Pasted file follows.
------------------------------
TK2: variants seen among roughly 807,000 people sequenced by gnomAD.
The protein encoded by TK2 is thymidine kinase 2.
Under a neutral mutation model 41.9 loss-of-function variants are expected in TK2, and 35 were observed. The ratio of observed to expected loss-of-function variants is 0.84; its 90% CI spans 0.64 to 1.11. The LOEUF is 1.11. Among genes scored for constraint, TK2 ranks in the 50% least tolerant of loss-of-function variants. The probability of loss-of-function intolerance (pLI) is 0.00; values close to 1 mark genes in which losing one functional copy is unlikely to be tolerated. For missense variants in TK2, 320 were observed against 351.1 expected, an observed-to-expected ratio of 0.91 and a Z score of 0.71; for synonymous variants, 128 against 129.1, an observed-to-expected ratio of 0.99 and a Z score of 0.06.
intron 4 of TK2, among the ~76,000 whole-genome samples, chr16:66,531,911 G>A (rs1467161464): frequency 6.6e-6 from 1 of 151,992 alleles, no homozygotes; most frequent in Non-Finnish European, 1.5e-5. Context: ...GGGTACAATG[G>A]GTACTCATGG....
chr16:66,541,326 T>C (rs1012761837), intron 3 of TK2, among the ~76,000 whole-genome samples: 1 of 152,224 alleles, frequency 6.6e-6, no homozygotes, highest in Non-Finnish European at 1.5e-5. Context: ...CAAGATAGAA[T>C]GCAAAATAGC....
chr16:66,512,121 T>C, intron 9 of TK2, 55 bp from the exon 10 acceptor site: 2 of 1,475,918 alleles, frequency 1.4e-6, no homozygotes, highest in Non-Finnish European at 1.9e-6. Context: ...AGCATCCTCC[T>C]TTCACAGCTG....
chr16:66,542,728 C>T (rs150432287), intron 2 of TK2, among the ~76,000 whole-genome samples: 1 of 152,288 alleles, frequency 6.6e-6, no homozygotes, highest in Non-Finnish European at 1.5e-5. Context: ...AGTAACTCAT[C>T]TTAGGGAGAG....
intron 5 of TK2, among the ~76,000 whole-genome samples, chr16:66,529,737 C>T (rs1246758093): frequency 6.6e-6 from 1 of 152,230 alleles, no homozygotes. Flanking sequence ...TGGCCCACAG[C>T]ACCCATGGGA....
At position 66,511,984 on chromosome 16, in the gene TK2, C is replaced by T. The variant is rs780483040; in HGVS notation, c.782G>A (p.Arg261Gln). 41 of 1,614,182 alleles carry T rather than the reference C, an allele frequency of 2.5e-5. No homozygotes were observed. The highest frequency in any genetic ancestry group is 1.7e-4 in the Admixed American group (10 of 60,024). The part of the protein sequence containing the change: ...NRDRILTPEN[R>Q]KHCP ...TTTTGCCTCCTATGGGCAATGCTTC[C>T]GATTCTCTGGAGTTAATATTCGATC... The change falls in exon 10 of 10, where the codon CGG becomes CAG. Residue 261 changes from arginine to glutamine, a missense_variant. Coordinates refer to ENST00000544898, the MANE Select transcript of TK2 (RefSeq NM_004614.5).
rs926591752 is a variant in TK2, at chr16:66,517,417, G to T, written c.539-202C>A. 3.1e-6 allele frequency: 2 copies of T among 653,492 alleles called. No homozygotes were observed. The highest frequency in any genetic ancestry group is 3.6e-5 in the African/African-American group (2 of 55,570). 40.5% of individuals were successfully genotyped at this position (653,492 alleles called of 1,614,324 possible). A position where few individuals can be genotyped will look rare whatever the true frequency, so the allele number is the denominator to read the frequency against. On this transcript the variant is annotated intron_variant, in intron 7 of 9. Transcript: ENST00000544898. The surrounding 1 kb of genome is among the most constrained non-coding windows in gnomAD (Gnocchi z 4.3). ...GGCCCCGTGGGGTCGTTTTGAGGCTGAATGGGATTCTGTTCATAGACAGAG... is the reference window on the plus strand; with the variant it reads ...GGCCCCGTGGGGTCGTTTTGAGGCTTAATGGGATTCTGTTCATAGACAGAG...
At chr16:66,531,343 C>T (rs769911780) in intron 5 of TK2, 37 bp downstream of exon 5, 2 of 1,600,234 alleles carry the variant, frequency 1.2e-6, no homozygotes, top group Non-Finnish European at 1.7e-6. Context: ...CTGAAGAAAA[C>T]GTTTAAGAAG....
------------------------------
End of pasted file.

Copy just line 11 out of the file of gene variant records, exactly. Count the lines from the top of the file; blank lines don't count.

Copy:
At chr16:66,531,343 C>T (rs769911780) in intron 5 of TK2, 37 bp downstream of exon 5, 2 of 1,600,234 alleles carry the variant, frequency 1.2e-6, no homozygotes, top group Non-Finnish European at 1.7e-6. Context: ...CTGAAGAAAA[C>T]GTTTAAGAAG....